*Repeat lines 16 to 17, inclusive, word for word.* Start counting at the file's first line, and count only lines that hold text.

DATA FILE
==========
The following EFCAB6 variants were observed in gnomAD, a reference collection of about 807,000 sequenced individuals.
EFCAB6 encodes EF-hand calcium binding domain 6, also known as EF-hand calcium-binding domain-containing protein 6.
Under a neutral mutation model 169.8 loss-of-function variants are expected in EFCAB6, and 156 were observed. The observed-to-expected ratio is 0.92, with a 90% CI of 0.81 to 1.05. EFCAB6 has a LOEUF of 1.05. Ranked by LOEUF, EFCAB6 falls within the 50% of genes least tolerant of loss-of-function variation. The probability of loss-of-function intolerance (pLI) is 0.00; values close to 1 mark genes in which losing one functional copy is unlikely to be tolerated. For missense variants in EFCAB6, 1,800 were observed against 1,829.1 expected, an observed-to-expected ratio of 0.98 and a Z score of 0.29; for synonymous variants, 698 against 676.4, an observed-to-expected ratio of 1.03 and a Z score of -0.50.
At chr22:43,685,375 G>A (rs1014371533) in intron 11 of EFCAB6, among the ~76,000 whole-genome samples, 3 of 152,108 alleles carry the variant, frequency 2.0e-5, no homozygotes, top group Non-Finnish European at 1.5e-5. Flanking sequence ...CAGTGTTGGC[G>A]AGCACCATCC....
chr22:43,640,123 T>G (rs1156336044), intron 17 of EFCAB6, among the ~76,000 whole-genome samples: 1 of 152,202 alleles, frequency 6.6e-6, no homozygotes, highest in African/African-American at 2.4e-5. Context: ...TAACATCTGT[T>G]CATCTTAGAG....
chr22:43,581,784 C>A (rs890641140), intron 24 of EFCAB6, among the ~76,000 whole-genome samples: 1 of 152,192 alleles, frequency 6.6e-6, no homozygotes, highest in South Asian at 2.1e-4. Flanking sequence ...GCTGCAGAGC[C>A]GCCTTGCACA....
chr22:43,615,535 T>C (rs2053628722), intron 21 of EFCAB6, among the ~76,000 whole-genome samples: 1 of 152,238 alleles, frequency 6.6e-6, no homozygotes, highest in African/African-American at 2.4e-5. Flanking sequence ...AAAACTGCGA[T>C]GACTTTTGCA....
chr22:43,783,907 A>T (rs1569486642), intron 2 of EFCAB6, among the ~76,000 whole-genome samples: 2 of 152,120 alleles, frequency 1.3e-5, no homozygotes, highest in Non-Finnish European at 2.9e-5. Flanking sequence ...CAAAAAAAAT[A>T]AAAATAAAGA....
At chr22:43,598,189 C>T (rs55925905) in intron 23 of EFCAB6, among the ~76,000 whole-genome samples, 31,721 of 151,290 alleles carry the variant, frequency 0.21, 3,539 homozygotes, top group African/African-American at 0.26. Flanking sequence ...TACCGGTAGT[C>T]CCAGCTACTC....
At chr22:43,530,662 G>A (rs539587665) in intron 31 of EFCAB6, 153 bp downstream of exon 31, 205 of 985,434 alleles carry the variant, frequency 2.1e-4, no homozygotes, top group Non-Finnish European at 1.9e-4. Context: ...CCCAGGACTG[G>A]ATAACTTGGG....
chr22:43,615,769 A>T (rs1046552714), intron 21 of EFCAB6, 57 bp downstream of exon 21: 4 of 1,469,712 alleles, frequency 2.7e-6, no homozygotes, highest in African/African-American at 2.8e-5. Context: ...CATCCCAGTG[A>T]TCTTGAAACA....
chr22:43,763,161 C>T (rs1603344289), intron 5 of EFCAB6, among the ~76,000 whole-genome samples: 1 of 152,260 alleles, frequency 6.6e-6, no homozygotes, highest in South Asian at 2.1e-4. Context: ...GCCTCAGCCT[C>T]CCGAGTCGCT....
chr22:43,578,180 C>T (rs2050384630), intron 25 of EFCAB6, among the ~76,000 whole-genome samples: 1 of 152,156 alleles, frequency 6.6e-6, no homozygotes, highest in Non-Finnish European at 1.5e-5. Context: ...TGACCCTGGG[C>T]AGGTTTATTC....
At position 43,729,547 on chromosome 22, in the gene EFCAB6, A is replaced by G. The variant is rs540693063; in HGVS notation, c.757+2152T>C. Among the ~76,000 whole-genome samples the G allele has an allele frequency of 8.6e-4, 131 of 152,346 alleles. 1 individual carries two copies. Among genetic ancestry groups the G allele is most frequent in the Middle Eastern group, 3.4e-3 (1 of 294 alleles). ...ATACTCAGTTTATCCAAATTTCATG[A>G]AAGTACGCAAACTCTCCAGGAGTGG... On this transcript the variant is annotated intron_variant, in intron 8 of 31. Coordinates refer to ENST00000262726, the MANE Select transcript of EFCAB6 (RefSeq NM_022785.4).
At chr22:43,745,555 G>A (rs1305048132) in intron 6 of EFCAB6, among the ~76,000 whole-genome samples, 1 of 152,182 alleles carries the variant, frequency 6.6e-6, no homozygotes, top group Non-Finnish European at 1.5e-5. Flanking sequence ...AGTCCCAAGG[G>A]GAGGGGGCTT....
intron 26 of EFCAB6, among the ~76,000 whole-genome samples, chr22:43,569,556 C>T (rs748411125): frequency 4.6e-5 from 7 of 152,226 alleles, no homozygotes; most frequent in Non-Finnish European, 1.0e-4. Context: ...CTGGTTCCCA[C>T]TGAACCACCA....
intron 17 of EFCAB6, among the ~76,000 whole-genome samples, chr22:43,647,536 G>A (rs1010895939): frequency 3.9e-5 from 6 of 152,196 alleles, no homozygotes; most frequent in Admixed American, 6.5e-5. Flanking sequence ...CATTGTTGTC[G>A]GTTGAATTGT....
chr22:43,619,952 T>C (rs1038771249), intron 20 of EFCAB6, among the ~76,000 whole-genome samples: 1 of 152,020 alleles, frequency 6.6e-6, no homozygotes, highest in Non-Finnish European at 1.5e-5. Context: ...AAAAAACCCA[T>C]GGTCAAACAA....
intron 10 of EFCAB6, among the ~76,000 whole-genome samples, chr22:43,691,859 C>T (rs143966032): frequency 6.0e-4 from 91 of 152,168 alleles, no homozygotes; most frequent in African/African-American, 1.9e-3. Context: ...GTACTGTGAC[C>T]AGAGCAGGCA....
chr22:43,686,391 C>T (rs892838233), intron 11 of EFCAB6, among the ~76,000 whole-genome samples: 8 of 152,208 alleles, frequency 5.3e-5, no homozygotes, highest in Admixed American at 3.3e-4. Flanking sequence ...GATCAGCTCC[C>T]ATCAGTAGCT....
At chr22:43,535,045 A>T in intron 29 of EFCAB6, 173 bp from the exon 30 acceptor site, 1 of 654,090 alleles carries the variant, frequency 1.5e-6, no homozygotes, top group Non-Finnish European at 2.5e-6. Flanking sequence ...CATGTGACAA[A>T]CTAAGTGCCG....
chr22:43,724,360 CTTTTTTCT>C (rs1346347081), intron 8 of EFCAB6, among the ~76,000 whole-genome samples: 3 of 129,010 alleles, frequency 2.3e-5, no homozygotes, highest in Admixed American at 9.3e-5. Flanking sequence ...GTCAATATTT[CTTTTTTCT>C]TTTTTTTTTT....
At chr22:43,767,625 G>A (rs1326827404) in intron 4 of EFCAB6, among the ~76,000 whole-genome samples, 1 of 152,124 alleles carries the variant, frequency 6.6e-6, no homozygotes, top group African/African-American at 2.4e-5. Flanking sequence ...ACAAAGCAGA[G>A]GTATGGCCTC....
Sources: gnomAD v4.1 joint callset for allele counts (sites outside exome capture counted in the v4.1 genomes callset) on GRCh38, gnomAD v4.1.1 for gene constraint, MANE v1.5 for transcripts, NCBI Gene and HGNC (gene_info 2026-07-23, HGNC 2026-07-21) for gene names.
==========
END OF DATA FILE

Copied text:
intron 26 of EFCAB6, among the ~76,000 whole-genome samples, chr22:43,569,556 C>T (rs748411125): frequency 4.6e-5 from 7 of 152,226 alleles, no homozygotes; most frequent in Non-Finnish European, 1.0e-4. Context: ...CTGGTTCCCA[C>T]TGAACCACCA....
intron 17 of EFCAB6, among the ~76,000 whole-genome samples, chr22:43,647,536 G>A (rs1010895939): frequency 3.9e-5 from 6 of 152,196 alleles, no homozygotes; most frequent in Admixed American, 6.5e-5. Flanking sequence ...CATTGTTGTC[G>A]GTTGAATTGT....